Corruption charge rocks French ‘grandfather’ Chirac
Paris — Jacques Chirac’s looming corruption trial deals a body blow to the two-time president, an ugly intrusion into the veteran leader’s golden retirement from the political front line.
After 12 years as French head of state, two terms as prime minister and 18 years as mayor of Paris, the 76-year-old Gaullist bowed out in 2007 following a half-century at the top of his game.
Graft allegations from his time as Paris mayor dogged Chirac’s later years in office, when he was openly attacked as a "crook", and he handed power to Nicolas Sarkozy under a cloud of suspicion.
Since then, the veteran statesman has settled into genteel semi-retirement as head of a foundation fighting global warming and poverty and the murkier aspects of his past have faded into soft focus.
This month, he bounced back as French voters’ favourite politician, with a poll giving him an approval rating of 76 percent.
For all his policy flip-flops on everything from the economy to Europe or the environment, many now choose to remember him as the leader who stood up to Washington over the Iraq war.
The French also seem nostalgic for his warm manner and appetite for good food and beer, and his traditional style of statesmanship, which contrasts with the brash energy of his successor.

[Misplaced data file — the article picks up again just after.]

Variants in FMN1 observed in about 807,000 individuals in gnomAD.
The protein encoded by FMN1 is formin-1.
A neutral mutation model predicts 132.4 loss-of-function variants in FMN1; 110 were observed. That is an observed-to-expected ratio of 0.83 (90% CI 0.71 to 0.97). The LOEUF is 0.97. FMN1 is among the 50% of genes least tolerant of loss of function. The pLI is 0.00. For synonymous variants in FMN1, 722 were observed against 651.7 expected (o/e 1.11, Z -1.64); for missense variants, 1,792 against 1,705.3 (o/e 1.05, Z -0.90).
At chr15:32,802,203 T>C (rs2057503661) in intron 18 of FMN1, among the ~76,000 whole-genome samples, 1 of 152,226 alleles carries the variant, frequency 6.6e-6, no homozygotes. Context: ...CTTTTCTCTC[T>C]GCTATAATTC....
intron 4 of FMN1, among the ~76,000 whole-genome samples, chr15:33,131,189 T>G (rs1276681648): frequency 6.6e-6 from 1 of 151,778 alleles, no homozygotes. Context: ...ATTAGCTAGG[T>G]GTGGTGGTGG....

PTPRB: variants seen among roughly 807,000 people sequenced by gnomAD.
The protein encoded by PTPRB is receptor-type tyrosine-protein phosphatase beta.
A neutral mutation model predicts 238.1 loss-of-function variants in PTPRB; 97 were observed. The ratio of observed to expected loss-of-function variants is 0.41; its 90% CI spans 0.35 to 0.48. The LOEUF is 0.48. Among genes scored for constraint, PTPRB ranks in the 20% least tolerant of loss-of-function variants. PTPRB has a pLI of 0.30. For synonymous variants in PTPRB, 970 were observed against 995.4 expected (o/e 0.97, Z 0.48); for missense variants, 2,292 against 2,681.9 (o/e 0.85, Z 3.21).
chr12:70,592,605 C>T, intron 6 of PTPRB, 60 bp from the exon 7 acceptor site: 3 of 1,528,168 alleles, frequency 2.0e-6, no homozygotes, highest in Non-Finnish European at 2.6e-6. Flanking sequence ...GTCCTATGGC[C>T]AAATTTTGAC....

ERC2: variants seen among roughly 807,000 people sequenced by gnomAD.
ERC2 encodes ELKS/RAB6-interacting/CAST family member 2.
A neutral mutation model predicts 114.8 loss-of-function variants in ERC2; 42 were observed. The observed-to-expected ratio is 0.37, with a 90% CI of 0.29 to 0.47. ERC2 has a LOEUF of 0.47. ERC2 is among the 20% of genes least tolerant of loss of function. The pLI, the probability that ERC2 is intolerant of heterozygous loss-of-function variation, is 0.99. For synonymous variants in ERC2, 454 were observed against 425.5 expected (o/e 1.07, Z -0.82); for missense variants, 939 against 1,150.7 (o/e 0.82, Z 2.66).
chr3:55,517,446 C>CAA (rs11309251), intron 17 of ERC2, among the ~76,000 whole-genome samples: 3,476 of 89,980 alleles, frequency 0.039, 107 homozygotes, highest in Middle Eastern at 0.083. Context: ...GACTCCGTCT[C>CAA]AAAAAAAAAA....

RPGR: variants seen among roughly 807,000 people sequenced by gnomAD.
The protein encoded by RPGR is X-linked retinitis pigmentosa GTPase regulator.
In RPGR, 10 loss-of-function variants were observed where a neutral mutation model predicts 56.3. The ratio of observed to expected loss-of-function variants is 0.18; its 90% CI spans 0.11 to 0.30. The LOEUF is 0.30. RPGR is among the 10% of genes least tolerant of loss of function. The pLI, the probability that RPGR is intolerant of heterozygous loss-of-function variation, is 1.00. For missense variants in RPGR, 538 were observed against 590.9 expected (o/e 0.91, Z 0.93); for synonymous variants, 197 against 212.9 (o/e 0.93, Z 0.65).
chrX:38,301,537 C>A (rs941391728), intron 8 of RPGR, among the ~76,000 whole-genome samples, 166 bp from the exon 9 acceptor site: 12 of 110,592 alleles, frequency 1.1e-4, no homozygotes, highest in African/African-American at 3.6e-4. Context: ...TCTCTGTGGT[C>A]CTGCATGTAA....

Newspapers run occasional light stories about Chirac’s health or the tribulations of his depressed Maltese Bichon dog Sumo — his image a far cry from that of the political "bulldozer" of his ambitious youth.
"He has become a kind of grandfather figure for us all," former culture minister Christine Albanel said recently of the former president, who is due to publish volume one of his memoirs next week.
Until now Chirac had managed to keep the courts at arms length despite losing the immunity from prosecution that shielded him as head of state.
But now the past has come back to haunt him.
Chirac is to be tried on charges of using the city pay roll to pay salaries to aides who were in reality working for his right-wing political party during his long tenure as mayor of Paris from 1977 to 1995.
Investigating magistrates opened an inquiry into Chirac’s running of city hall in 1999 after receiving a complaint alleging widespread abuses, including graft, illegal party financing and destruction of evidence.
The prospect of Chirac in the dock may come as little surprise to the French public.
A generation of French voters grew up on a drip feed of media revelations about the alleged excesses of Chirac and his wife while he wielded power from his base in city hall.
Corruption claims against Chirac have long been a running joke on the country’s top satirical television show, which at one period lampooned him as a cape-wearing anti-hero: "SuperLiar".
One sketch cast Chirac and his wife Bernadette as a pair of geriatric gangsta rappers, wallowing in banknotes and thumbing their noses at the law while they lived the high life at taxpayers’ expense.
And yet Friday’s news split commentators, with some shaking their heads at the "persecution" of a frail old man, while others hailed a proud day for French justice.
"It seems like an unhealthy kind of persecution to me. Jacques Chirac doesn’t deserve this," said ruling party lawmaker Jean-Pierre Grand.
"Nobody or next to nobody, in all humanity, wants Jacques Chirac to be treated pitilessly," wrote the newspaper Liberation. "But the courts must not and cannot wipe clean the slate of the Chirac years.
"Not out of revenge, but simple fairness."